UNC Charlotte Speech Team Places Third In National Competition

UNC Charlotte’s speech team won third place at the Novice National Championship Forensics Tournament in early March at Butler University in Indianapolis, Indiana. The award recognizes the top novice competitors from across the country in competitive public speaking, debate, and interpretation of literature.

The Novice National Championship Forensics Tournament is an undergraduate event that advances forensic education for first-year competitors.

“I used to shake at the mere thought of giving a presentation in class, and now I have championed at a national speech competition,” said AJ Siegel, a sophomore psychology and writing, rhetoric, and digital studies major. “The writing, speaking, and overall communication skills I’m learning are invaluable and will be carried with me for the rest of my life. This team has not only helped me become a better and more confident speaker but has also created a sense of community that I only dreamed of finding at Charlotte.”

Shelby Newland, who is pursuing a master’s degree in communication studies, coaches the team. “From a coaching perspective, placing at Novice Nationals is a good sign you’ve got a team with some raw talent,” Newland said. “I’m not sure these students have a clue how good they’ll get by the time they graduate. This is only the start.”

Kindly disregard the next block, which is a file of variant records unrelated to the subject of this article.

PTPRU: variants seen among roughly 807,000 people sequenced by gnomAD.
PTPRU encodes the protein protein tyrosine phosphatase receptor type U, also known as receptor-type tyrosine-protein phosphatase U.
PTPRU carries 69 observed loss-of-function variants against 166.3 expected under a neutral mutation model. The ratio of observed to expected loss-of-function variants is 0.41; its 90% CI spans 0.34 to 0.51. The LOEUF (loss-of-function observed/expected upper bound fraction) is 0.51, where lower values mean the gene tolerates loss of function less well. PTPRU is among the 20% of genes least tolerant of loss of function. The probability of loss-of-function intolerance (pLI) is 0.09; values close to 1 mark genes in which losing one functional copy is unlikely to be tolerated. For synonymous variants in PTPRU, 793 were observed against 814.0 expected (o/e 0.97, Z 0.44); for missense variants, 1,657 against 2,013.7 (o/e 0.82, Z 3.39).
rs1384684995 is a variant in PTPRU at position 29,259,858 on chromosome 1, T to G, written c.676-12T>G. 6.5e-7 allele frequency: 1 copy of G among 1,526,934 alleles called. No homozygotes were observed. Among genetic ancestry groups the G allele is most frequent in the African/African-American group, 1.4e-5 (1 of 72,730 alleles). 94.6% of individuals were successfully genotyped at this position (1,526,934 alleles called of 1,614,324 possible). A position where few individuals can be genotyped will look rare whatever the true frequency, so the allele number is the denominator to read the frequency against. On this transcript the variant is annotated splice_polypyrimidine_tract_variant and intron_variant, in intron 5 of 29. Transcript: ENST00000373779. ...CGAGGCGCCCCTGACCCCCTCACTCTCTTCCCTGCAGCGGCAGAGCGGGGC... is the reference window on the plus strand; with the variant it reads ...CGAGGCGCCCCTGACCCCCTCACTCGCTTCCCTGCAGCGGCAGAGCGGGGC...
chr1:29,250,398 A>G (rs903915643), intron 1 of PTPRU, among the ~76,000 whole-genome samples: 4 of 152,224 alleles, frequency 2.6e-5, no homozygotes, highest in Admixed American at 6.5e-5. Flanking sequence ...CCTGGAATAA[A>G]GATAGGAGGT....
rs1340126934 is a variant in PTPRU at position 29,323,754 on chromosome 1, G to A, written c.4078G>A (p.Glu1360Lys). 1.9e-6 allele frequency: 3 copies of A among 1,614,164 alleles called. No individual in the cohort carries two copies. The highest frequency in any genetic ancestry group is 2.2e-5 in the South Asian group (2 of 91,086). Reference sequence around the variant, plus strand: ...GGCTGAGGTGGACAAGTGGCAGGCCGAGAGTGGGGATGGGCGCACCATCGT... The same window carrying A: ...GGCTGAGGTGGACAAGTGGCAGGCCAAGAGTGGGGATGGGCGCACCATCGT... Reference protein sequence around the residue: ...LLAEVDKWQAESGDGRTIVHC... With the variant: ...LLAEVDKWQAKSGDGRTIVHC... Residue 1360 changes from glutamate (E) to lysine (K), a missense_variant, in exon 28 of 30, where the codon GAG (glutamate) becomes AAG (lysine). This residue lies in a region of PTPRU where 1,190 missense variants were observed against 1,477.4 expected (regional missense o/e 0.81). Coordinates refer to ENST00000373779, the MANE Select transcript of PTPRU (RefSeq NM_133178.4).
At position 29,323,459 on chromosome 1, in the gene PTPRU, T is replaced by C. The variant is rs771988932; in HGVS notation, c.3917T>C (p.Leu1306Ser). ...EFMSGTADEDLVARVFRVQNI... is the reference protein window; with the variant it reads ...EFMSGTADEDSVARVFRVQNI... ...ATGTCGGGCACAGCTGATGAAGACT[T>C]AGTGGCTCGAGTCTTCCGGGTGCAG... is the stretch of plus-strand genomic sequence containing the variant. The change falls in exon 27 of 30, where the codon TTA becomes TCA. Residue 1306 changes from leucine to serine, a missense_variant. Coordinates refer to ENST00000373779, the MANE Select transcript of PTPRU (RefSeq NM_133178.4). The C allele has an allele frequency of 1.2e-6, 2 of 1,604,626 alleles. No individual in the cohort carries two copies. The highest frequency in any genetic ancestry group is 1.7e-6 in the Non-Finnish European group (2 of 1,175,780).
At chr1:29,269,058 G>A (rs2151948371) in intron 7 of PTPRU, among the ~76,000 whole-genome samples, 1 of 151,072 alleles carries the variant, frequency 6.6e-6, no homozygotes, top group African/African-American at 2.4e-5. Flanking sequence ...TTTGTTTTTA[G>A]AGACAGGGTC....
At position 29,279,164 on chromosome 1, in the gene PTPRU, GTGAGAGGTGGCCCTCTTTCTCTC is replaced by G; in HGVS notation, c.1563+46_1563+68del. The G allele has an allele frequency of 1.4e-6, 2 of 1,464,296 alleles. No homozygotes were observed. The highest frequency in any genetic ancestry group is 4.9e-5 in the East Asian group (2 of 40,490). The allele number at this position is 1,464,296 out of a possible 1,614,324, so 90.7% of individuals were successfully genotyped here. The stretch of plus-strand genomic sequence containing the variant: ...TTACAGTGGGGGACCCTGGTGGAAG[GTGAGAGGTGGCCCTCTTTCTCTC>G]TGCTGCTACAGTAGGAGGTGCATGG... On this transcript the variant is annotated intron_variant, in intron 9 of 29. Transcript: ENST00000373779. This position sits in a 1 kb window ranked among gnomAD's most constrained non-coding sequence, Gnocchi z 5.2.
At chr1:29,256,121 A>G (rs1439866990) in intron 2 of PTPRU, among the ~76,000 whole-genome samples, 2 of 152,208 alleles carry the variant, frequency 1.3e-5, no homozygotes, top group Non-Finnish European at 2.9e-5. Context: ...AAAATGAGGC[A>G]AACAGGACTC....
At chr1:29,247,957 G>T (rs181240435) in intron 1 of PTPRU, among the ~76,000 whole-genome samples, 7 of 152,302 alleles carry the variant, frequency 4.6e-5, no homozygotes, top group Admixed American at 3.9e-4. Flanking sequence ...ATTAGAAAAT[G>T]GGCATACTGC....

The eight students representing UNC Charlotte won awards in nine events:

  • AJ Seigel, who is majoring in psychology and in writing, rhetoric, and digital studies, won first place in rhetorical criticism and placed fifth in dramatic interpretation and second in after-dinner speaking.
  • Political science major Acadia Dubiel placed third in informative speaking and sixth in extemporaneous speaking.
  • Matt Baldi, a criminal justice and criminology major, won second place in extemporaneous speaking and third in public narrative.
  • Pre-biology major Denise Soriano won fourth in persuasive speaking.
  • Early education major Elise Bagley won second in informative speaking.
  • Early education major Kristyn Christopher won fourth in dramatic interpretation.
  • Arin McCormack, an international studies major, placed in third in prose interpretation and fifth in slam poetry.

Nance Riffe, a lecturer in the Communication Studies Department, is director of the forensics team.